In Poland Rights group accuses govt of crackdown on protesters

Amnesty International on Thursday alleged police and justice authorities in Poland are suppressing anti-government protesters, a claim flatly rejected by the interior ministry.

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Protesters took to the streets across Poland in July 2017 after lawmakers adopted a controversial reform of the Supreme Court despite the threat of unprecedented EU sanctions play

Protesters took to the streets across Poland in July 2017 after lawmakers adopted a controversial reform of the Supreme Court despite the threat of unprecedented EU sanctions

(AFP/File)
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Amnesty International on Thursday alleged police and justice authorities in Poland are suppressing anti-government protesters, a claim flatly rejected by the interior ministry.

"The Polish government is cracking down on peaceful protesters in a blatant attempt to dissuade further protests," AI said in a new report published on Thursday.

Titled "Poland: on the streets to defend human rights", it focuses on several demonstrations against the rightwing government's approach to justice issues, the rule of law and the women's rights organised earlier this year.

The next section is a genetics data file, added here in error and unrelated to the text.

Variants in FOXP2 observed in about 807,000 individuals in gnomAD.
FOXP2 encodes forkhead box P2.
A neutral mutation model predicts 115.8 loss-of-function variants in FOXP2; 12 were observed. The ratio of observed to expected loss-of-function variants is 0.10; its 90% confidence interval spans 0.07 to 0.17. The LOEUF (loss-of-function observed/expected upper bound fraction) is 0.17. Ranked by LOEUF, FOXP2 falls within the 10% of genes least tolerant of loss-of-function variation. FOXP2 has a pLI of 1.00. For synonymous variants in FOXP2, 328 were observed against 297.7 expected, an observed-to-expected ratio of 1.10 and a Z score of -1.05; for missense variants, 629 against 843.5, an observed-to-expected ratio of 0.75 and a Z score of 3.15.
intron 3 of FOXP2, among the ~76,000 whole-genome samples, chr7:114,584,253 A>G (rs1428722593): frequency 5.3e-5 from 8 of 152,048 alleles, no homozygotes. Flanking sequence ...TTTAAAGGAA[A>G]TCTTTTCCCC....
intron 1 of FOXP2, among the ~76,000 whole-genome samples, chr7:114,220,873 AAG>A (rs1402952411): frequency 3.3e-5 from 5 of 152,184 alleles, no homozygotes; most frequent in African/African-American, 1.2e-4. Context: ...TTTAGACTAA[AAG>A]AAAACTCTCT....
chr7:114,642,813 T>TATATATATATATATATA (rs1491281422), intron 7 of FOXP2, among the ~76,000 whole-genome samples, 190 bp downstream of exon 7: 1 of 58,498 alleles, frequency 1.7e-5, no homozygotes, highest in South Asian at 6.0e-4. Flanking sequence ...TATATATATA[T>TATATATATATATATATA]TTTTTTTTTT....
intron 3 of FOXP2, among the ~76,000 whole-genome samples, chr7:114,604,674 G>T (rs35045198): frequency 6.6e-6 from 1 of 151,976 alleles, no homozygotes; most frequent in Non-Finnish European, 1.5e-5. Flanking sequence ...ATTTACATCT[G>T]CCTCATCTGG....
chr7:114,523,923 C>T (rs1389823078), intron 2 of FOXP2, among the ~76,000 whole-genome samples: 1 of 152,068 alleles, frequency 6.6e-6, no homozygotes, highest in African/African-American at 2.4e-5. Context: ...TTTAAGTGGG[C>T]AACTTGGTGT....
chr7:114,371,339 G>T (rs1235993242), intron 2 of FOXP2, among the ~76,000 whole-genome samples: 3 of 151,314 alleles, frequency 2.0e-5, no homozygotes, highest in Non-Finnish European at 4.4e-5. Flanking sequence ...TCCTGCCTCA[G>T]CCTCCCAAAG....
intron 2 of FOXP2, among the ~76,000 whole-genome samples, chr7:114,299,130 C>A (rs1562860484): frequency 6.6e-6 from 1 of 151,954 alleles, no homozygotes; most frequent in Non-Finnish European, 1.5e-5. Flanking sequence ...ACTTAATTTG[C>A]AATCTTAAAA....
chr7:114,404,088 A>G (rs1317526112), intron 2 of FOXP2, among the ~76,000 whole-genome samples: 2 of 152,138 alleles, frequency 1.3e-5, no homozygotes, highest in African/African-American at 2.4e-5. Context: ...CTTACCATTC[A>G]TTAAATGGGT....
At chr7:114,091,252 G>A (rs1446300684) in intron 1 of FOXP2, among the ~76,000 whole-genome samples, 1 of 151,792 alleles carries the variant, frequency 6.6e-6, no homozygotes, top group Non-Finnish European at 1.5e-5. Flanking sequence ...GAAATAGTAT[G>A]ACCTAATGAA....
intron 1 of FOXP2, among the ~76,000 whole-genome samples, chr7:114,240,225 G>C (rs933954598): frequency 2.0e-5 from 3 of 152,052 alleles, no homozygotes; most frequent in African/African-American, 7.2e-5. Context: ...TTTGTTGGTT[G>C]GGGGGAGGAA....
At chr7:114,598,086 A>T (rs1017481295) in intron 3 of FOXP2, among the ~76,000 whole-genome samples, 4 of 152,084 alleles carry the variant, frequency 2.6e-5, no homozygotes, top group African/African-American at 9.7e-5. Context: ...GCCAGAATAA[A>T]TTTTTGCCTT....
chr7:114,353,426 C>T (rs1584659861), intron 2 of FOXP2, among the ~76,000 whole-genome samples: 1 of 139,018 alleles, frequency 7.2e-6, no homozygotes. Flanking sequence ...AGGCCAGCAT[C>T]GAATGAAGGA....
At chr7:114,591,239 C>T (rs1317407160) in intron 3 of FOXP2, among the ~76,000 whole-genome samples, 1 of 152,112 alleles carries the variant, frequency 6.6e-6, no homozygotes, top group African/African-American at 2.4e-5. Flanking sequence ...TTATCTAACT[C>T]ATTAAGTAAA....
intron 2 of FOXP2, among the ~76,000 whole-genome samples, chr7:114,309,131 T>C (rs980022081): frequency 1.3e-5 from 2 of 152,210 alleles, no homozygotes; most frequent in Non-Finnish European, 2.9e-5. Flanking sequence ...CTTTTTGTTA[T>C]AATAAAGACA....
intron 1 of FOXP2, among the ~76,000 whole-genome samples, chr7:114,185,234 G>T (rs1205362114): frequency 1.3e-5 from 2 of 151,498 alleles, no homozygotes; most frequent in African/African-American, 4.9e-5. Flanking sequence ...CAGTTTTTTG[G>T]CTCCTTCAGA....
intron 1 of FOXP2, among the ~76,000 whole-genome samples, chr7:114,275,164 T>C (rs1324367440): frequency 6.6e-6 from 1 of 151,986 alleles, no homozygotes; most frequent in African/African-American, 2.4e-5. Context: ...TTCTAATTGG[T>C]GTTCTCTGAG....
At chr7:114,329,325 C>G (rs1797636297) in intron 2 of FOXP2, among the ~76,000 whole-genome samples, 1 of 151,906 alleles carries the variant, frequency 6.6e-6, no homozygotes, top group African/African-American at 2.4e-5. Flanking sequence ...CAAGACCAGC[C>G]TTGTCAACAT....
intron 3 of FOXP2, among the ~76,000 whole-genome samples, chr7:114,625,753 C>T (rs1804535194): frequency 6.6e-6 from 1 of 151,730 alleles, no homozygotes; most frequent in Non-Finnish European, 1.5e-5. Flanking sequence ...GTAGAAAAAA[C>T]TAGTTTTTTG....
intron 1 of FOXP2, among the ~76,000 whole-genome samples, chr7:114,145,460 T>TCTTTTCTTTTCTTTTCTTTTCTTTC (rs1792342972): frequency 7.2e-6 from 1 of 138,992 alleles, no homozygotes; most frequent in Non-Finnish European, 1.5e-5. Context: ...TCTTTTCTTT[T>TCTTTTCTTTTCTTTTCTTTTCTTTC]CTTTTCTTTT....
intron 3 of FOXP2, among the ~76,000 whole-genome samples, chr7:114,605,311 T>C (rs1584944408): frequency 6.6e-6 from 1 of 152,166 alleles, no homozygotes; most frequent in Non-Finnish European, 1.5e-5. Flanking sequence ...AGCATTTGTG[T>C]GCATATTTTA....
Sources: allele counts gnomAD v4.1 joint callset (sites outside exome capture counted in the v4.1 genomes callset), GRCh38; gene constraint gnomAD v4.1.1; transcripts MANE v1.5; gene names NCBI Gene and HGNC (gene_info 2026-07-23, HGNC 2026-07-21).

AI insists that protesters who hit the streets in July to demonstrate against judicial reforms by the Law and Justice (PiS) government "were exposed to abusive police practices that were unnecessary or disproportionate".

The international human rights group alleges that Polish "authorities use techniques such as surveillance, harassment and prosecution to disperse and prevent mass protests", insisting that these practices must stop.

Amnesty also urged Warsaw to respect freedom of assembly and expression.

Poland's interior ministry termed the allegations made by AI "unjustified" in a Thursday email to AFP.

Since taking office in 2015, the PiS government has provided heavy police protection for street demonstrations organised by groups on the right of the political spectrum, including the extreme right.

In August, police used force to remove protesters blocking a march by members of a far-right youth organisation in central Warsaw, insisting they were protecting a legal event.

Poland's foreign minister in August denied accusations his EU country was drifting towards authoritarianism amid a string of government reforms that have triggered mass protests at home and warnings from the EU.

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